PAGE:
Big social media users are big influencers and buyers. Make no mistake, most of the internet population (over 75%) uses social media sites. So those sites should be a great channel for influencing and driving buying decisions. But are they? The verdict's out, but I've yet to see convincing data from market research or client analytics. In fact, social media sites tend to perform poorly for directly driving engaged traffic and sales to client websites. Granted, social media return on investment may be harder to measure, and longer-term. But there's an implicit assumption that the biggest users of social media are also a brand's biggest buyers and influencers. For example, people commonly want to get more fans for their company's Facebook page (reminiscent of wanting more traffic, rather than the right traffic, for websites), the implicit assumption being that these fans have more worth than non-fans. In fact, the heaviest users of social sites, and hence those most likely to fan a page, are often just those with the most time. And while some of those with the most time are the biggest influencers and buyers, this correlation is speculative at best and, I would wager, often inverse. How much time do high-income and high-power demographic groups, like CEOs, spend on social media sites relative to other users?
Those are a few of the assumptions I commonly encounter, but there are no doubt many more. Overall, there's an assumption that social media return on investment has already been quantified, and that social media works equally well for all brands, categories and industries. In fact, while some surveys and studies are emerging, most of the data highlight correlation rather than causation.
So what are we to do? Let's approach social media as scientist marketers. We have our hypotheses and assumptions. Now we need to gather data, both en masse and for individual brands, to test them. We need to know relative return on investment between social media and other digital tactics.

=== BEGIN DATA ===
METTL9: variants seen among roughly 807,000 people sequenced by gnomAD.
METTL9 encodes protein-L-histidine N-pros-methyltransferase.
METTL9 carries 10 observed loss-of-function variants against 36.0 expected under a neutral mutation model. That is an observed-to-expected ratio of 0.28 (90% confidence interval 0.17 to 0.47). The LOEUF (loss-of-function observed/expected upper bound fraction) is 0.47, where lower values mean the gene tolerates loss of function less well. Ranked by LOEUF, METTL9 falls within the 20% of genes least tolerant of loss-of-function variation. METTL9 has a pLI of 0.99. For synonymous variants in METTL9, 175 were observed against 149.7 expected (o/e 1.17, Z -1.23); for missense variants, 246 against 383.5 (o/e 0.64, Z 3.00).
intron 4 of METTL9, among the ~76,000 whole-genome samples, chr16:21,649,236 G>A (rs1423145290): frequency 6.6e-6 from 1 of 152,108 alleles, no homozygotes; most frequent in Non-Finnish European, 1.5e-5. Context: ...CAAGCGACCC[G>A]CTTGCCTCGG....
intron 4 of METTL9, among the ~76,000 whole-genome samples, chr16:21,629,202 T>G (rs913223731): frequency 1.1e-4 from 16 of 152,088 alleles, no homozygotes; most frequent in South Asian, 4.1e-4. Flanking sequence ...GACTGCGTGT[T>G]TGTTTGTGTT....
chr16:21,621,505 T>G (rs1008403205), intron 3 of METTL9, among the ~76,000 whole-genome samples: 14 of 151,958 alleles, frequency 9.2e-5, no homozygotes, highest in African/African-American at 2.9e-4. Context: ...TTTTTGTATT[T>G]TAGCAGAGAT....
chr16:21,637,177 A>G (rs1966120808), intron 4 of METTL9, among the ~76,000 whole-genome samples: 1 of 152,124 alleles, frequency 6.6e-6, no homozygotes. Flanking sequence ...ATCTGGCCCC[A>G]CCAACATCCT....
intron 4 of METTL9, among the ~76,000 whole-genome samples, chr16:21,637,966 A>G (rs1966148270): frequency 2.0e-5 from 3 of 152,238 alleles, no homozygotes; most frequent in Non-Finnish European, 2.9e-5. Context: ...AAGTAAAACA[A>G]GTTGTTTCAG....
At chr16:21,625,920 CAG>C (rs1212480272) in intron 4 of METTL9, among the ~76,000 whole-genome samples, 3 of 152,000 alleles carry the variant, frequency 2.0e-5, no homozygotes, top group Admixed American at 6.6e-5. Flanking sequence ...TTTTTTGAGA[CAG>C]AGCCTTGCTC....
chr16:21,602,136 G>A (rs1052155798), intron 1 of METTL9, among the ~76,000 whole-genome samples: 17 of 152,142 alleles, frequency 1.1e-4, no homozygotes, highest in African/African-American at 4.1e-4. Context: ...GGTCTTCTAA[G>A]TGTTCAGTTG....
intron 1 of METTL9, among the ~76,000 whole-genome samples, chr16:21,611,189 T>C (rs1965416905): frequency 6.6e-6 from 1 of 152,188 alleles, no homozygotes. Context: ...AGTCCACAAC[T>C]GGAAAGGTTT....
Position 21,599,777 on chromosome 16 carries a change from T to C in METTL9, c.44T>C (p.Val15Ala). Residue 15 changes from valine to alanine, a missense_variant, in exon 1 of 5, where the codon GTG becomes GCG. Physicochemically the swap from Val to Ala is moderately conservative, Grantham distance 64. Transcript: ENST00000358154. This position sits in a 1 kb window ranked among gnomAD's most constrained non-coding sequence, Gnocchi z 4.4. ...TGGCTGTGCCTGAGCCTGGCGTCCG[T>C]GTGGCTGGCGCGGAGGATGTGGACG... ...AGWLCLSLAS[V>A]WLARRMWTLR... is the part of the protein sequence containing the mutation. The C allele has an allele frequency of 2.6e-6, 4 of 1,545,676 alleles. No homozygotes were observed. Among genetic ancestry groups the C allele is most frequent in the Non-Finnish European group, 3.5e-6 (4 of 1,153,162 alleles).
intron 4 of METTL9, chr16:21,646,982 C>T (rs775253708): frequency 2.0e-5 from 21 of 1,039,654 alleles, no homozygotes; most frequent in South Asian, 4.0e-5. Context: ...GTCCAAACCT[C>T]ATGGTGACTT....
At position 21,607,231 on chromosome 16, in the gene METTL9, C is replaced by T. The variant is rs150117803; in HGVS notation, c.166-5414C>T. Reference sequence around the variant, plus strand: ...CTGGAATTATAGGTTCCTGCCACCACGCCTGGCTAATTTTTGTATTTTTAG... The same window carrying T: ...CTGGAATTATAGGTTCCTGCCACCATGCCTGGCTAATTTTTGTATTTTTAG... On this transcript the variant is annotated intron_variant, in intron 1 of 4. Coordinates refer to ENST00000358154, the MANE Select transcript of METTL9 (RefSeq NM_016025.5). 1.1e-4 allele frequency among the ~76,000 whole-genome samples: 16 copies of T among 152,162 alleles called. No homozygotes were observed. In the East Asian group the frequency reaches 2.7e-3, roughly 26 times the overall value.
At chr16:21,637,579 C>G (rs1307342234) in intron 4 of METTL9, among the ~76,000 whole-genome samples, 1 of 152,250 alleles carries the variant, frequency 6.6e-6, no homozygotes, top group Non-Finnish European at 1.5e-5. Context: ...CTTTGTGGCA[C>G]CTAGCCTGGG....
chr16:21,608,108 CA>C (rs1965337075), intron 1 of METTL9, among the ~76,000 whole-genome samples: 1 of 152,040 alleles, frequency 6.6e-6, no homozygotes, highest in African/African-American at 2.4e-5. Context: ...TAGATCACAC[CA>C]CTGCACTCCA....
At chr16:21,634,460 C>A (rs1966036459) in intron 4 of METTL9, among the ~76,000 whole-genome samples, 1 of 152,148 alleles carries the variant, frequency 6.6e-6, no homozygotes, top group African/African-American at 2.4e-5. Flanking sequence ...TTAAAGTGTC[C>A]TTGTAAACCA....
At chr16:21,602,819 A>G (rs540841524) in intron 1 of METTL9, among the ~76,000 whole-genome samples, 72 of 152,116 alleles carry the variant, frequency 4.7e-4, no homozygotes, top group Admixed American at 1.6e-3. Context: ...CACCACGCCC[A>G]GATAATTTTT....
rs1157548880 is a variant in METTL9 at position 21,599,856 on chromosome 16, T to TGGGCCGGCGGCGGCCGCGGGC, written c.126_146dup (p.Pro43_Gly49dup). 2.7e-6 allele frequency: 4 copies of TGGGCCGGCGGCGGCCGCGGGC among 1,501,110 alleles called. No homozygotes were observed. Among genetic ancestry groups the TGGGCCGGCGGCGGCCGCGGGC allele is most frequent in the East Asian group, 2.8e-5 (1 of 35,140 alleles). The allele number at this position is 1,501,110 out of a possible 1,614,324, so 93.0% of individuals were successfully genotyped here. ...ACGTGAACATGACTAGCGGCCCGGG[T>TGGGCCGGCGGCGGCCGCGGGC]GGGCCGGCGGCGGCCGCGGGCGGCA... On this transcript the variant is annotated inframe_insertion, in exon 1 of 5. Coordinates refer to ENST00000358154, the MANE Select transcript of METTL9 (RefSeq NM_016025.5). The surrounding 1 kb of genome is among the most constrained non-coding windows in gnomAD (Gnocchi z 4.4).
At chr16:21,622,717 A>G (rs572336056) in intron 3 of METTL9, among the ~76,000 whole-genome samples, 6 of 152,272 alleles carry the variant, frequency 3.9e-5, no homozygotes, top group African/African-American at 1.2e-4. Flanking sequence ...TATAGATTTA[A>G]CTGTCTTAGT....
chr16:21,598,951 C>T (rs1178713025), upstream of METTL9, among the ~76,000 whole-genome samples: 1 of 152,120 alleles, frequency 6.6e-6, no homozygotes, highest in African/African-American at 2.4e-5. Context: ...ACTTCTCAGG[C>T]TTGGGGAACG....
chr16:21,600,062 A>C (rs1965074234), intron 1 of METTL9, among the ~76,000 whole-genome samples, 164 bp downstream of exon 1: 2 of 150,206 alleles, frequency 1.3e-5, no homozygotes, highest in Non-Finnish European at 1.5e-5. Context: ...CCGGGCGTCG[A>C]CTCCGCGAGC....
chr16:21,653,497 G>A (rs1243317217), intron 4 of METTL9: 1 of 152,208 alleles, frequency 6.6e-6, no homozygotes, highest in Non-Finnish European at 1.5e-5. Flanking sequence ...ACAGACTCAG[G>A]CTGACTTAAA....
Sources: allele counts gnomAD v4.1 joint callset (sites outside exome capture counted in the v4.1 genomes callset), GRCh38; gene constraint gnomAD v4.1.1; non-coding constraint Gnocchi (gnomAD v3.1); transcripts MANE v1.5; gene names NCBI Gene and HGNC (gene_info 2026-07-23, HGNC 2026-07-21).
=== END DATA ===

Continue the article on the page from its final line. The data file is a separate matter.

Which leads to the question: What are your unproven assumptions about social media? Post them in the comments. And if you have proof, please post that for everyone to see as well.
Simon Smith is Chief Strategist with Commune Media, a company with a (sometimes curmudgeonly) focus on improving marketing return on investment through services including web analytics and search marketing. Despite his social media skepticism, you can find him on Twitter.
Just reading an interesting article by Cliff Atkinson I saw on Twitter (Thanks @AnthillMagazine) about presentations and the backchannel potential disasters. This is near and dear to my heart!
I have been doing Presentation Skills lecturing and training at University level for over a dozen years now and believe I have a solid and simple solution to this phenomena.
In presentations the key to effective communications - and by that I mean communications that get results - is the issue of emotion and story telling.
In the countless presentations I have witnessed, critiqued and sat through, only a handful are memorable. That is the emotional part. Less have affected me. Changed my life so to speak. That is the effective part.
First, we simply do too many presentations. Most, if not all, are horrible. And it is not your fault, by the way. Most folks are not trained, come at the presentation from the wrong angle and have expectations of the outcome that no one could achieve.